Geof Stone, "The NSA's Telephone Meta-Data Program: Part II"
In my last post (The NSA's Telephone Meta-data Program: Part I) I explained the nature and operation of the NSA's bulk telephony meta-data program. In this post, I will examine the government's arguments for the meta-data program and the Review Group's analysis of those arguments.
In defending the bulk telephony meta-data program, the government offers essentially four arguments. First, it argues that the program is an important tool in the effort to keep our nation safe. Because the program enables the government to discover when a suspected terrorist is in contact with other possible terrorists inside the United States, it can provide critical data in the effort to "connect the dots." Indeed, the government argues, had the program been available in 2001, it might have enabled the government to prevent the terrorist attacks of September 11.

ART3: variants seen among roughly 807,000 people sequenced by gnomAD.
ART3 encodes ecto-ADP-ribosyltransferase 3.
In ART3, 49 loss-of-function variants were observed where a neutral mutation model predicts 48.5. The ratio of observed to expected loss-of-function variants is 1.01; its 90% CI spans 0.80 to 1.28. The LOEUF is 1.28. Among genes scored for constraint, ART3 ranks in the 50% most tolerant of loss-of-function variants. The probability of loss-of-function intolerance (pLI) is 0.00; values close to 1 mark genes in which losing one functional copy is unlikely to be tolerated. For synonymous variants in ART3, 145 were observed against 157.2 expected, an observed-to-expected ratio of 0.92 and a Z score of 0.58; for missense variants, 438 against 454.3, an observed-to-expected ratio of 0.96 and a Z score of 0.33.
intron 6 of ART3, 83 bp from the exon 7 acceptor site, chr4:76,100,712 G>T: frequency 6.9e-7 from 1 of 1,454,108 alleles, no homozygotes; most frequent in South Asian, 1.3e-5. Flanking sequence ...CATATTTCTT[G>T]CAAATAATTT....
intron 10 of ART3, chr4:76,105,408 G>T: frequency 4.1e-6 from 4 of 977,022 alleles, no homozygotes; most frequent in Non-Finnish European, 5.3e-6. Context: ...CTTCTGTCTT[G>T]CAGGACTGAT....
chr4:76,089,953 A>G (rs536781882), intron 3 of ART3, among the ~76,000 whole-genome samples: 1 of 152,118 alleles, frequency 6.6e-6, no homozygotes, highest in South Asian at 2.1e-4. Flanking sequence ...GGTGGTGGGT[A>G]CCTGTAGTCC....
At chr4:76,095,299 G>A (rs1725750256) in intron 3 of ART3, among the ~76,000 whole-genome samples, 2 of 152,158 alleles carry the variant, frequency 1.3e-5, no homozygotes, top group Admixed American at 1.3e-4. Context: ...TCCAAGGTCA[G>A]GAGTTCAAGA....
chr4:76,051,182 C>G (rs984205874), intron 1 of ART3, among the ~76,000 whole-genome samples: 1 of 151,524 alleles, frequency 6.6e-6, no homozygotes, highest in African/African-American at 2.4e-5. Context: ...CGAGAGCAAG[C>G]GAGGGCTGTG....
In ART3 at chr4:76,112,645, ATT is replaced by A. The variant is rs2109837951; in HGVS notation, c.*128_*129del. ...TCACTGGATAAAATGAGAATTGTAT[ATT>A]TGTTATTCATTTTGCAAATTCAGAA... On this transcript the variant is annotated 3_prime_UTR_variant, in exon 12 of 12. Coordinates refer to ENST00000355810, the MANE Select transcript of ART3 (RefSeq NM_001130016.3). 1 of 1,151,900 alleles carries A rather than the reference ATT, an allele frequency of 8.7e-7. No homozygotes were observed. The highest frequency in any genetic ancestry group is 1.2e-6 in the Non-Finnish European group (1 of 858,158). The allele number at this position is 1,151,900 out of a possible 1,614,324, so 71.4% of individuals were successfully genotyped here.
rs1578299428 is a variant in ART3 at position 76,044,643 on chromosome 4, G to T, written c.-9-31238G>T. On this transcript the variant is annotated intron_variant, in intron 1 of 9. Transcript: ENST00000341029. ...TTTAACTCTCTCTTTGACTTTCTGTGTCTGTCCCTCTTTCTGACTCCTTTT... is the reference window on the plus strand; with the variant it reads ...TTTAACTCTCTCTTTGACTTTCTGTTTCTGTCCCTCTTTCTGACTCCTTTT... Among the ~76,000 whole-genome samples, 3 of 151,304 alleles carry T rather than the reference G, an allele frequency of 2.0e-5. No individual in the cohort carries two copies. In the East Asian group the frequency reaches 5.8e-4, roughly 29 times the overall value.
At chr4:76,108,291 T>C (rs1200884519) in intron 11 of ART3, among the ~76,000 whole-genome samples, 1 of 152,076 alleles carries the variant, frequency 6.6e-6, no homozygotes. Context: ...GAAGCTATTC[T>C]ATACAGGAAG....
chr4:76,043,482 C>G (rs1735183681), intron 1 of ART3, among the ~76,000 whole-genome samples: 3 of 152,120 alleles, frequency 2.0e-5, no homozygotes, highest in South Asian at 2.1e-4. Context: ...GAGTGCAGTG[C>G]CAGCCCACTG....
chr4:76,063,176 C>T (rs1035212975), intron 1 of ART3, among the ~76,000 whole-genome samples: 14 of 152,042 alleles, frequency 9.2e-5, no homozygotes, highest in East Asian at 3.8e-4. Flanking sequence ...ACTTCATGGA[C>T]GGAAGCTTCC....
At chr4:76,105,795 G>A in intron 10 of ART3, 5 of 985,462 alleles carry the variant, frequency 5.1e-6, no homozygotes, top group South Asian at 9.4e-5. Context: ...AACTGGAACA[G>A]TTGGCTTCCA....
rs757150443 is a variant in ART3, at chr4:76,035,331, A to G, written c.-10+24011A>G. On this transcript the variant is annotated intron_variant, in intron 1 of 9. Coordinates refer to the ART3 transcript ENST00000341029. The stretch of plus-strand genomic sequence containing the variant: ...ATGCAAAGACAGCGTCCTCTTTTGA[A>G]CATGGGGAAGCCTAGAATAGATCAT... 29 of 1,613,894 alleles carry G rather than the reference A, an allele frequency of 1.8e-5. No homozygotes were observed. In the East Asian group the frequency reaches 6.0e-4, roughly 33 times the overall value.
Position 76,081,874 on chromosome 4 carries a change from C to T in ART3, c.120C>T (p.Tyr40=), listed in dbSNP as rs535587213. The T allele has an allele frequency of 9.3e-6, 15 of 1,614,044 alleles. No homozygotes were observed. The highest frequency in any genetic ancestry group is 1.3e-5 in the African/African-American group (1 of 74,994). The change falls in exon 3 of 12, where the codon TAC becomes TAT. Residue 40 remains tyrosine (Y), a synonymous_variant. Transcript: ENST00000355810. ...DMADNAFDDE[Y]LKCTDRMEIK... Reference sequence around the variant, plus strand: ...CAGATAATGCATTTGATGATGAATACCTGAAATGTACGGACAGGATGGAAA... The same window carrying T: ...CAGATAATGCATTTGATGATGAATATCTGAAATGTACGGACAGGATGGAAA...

Second, the government argues that the collection and storage of bulk telephony metadata does not seriously intrude on individual privacy because individuals have voluntarily exposed their calling data to a third party -- that is, to their telephone service providers. As a general rule, the government argues, individuals have no reasonable expectation of privacy in information they voluntary expose to strangers.